Publication Details

C. McKinnon, 'Hurt', 2012, 26 August - Presented by Parnassus Den at SBW Stable Theatre, Kings Cross, Sydney.



Research Background

Post-dramatic theatre performance often investigates social traumatic events using diverse theatrical strategies, yet for many main-stage theatre companies investigating similar topics, the three-act realist play, with swift dialogue exchanges and coherent albeit unstable subjects, is still the dominant textual and theatrical mode. This research aims to investigate and disrupt the three-act theatrical realist form, and the idea of coherent subjectivity, to reinterpret and represent the effects of trauma on human beings, and their understanding of what it means to live and die.

Research Contribution

This research uses first-person poetic sequences and fragmented dialogue to investigate trauma and near-death events. The waiting room is employed as metaphor for change and transformation. In particular, the ‘internal worlds’ of characters are juxtaposed with interaction between characters; possible intent contrasted with consequential action; morality set alongside immorality. This text creates a study of the potential of traumatic and near-death events to disrupt patterns of speech and thought, and through its form, seeks to question the notion of coherent subjectivity. In doing so, this research aims to deepen our understanding of the fragile social world we inhabit.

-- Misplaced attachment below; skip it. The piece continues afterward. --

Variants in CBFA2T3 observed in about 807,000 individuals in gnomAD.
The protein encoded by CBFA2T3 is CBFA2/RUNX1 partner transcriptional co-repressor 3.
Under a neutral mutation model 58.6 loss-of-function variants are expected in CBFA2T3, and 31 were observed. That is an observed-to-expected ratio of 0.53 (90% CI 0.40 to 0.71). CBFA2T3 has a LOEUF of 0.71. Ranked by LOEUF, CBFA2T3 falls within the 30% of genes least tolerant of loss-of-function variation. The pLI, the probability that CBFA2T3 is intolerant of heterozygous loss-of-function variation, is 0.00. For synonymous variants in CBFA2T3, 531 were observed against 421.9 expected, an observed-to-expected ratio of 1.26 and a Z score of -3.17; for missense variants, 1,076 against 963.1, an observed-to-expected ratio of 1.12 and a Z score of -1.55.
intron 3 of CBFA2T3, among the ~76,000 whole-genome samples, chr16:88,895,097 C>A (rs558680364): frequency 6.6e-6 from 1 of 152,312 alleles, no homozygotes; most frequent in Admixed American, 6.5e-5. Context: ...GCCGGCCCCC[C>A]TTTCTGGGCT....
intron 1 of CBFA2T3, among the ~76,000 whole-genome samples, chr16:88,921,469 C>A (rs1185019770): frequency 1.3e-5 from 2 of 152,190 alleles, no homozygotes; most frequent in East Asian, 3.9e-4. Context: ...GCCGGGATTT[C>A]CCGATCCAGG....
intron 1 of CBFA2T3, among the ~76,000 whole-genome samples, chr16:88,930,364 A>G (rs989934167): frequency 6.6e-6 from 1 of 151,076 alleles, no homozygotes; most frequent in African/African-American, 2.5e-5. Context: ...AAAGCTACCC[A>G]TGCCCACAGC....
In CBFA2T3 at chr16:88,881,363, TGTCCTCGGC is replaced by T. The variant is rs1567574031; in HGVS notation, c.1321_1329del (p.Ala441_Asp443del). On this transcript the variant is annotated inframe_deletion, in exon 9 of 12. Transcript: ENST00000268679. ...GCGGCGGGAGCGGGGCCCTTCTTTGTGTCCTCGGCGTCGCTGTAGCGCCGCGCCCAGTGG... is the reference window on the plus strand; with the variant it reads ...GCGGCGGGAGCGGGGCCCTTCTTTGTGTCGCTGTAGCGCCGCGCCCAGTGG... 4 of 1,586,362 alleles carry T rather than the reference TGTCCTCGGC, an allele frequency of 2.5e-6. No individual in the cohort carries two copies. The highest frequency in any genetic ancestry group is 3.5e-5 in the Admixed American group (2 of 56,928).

Research Significance

The writing of Hurt, as part of The Hurt Trilogy, was funded by the Australia Council for the Arts, in the Established Writer’s category. This play was shortlisted for the 2011 Rodney Seaborn Award. A production of Hurt directed by Sarah Goodes was presented by Parnassus Den, SBW Stables Theatre, Sydney.


Link to publisher version (URL)

Parnassus’ Den


Hurt from The Hurt Trilogy

The modern world is full of new technologies, fast cars, fast foods, fast internet speeds but does our focus on the politics of the now means we lose the opportunity to set current dilemmas against more philosophical questions about what it means to be human?

The Hurt Trilogy project queries whether our moral choices are important or whether we our lives are simply accidents being played out? Each of the plays examines whether, when faced with death—our own or the death of someone we love— ‘truths’ about our actions can be grasped? And more broadly, how shall we live and die?

Hurt, the first play of the trilogy, explores the concept of moral choice. Three people— Mel, Dominic, and Alex—await news about an injured child. In seeking to come to terms with the potential loss of a young life are Dominic, Mel, and Alex able to reveal previously hidden truths? Or, do they lay blame on each other, pushing already fractious relationships into darker territory?

Hurteflyer.jpg (76 kB)
Hurt e-flyer